Page 10 - Jewish Book Annual Volume 3

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graphed Manual of Suggestions for Jewish Book Week was con-
tinued. With the broadening, early in 1942, of its organizational
structure to include leading representatives of Hebrew and Yiddish
literature, the Council became more truly representative of the
major elements in the cultural life of American Jewry. To sym-
bolize the tri-lingual character of Jewish literary creativity in
America, a printed Annual in the three languages has been issued,
in the preparation of which all linguistic groups have participated
on an equal footing.
The achievement of the Jewish Book Council in having brought
together Jews of varying religious and cultural groupings on a
common platform of interest in Jewish literature is a striking
illustration of Jewish unity amidst colorful diversity, worthy
of emulation in other walks of life. While the differences in
the respective philosophies and ideologies of the constituent
elements are meticulously guarded and highly respected, an
opportunity is afforded, by means of the Council’s all-inclusive
approach, to cut across these divergencies and to highlight the
fundamental cultural values in which all have a common and vital
To afford agencies wider latitude in planning celebrations, the
special time set aside each year for dedication to Jewish books and
culture was extended in 1943 from a week to a month. I t was
hoped that the lengthened period would not only increase per-
ceptibly the number of organizations sharing in these observances,
but would also aid in stimulating the conduct of projects through-
out the year, so that these spiritually enriching experiences may
lead ultimately to the cultivation of abiding interest in Jewish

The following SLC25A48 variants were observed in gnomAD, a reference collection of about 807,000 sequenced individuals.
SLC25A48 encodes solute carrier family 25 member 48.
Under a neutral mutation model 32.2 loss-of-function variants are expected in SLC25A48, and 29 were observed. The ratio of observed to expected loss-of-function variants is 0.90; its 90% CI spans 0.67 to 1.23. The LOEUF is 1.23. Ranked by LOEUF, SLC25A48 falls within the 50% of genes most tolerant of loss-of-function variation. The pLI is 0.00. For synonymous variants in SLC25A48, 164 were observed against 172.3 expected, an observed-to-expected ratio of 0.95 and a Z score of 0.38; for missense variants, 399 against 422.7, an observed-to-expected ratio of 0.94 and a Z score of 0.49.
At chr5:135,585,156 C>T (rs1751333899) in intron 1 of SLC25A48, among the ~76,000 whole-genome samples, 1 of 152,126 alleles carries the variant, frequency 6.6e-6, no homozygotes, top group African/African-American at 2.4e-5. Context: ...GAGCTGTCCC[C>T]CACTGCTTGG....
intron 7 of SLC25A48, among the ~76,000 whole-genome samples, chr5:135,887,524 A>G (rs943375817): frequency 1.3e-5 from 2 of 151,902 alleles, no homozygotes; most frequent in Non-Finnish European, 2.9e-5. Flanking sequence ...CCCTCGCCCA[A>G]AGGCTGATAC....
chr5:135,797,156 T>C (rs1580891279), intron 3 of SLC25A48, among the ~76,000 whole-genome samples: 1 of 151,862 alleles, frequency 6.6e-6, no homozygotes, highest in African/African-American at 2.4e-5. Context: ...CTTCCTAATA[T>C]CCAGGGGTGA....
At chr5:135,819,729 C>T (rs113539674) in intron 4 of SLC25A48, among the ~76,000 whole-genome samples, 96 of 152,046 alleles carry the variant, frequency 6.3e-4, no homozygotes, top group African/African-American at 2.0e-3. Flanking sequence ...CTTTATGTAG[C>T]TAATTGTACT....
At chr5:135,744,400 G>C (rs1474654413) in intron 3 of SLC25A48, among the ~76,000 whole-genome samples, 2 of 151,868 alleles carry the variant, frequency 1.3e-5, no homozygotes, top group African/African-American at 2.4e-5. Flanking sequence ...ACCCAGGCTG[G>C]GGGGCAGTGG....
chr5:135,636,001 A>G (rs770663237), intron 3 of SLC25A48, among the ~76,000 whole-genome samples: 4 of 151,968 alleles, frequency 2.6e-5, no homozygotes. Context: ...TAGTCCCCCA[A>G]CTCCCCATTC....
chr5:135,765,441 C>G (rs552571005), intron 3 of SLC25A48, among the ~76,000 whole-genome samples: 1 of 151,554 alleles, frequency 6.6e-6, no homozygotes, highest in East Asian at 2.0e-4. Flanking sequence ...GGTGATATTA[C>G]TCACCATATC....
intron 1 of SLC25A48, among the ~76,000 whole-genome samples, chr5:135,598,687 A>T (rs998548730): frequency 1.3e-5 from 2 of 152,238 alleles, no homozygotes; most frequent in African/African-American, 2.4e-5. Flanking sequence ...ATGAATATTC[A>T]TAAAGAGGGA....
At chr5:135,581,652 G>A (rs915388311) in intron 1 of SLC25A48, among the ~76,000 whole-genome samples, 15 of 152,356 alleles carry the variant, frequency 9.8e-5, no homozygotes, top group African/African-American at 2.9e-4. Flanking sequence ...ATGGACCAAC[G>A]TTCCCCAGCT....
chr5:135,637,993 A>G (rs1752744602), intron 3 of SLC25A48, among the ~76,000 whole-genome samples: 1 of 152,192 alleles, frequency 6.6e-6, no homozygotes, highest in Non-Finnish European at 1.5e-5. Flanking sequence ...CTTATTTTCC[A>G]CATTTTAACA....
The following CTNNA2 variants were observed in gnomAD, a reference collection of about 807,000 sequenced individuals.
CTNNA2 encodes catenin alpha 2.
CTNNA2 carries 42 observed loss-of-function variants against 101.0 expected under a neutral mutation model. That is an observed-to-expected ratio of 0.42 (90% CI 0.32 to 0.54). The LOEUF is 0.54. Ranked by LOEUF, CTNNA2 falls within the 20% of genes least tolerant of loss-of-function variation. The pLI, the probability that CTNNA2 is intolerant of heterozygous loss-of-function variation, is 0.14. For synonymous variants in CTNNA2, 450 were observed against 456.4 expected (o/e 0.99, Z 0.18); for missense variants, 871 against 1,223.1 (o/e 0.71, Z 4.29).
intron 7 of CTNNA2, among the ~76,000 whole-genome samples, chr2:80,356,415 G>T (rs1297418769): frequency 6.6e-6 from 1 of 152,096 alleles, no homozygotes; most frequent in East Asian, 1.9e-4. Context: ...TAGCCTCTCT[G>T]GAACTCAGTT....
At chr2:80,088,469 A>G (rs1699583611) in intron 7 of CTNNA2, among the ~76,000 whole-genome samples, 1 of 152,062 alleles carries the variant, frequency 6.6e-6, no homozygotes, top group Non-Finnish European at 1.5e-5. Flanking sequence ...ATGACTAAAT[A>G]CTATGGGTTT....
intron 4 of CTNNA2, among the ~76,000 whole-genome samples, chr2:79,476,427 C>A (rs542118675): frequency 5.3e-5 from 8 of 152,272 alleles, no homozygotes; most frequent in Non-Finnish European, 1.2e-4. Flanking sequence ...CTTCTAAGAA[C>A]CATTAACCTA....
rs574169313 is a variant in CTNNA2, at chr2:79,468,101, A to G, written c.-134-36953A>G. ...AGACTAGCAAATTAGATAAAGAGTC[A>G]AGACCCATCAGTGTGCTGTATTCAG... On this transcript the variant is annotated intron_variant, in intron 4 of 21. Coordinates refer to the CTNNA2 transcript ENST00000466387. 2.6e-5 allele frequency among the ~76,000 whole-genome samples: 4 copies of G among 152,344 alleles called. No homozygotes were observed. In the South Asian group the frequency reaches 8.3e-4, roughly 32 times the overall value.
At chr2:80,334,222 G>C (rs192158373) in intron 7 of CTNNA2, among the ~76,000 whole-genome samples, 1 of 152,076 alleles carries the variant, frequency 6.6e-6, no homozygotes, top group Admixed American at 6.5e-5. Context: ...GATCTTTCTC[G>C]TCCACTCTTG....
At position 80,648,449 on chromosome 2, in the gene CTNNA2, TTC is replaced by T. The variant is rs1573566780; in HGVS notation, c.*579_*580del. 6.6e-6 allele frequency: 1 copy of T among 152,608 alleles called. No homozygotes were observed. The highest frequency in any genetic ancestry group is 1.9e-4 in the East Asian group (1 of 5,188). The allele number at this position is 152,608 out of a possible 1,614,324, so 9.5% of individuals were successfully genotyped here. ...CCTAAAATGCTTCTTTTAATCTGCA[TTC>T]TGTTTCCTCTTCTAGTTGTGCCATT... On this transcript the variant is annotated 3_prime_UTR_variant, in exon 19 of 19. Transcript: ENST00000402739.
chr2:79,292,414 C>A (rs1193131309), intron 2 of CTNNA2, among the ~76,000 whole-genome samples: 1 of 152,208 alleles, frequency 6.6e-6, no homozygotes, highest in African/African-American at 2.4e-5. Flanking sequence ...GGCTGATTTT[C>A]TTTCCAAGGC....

life and letters.
No provision was made in this Annual for an article on the
practical aspects of Jewish book programming. Instead, a bulletin
is in preparation in which outstanding activity projects, aids and
techniques are presented which have proven effective in the past.
Reports on more recent developments growing out of 1943 observ-
ances are also included. This will serve as a supplement to the
article entitled, “Jewish Book Programs All Year ,Round” which
appeared in the 1943 Annual.
The surveys of the past year’s literary output embodied in the
present yearbook seem to indicate conclusively that war conditions
have accelerated rather than retarded the tempo of Jewish book
production in the three languages. Admittedly, the current
Annual reflects the advantages and shortcomings which character-
ized its predecessors and which are inherent in any joint, voluntary
effort. Nevertheless, to have had the courage and perseverance
to undertake in such difficult days the preparation and issuance
cooperatively of this type of literary compendium, is in itself a
noteworthy example of selfless dedication to the advancement of
American Jewish literature which augurs well for the future.
An article in this Annual focuses attention upon the completion
of three-fourths of a century since the inauguration of the Yiddish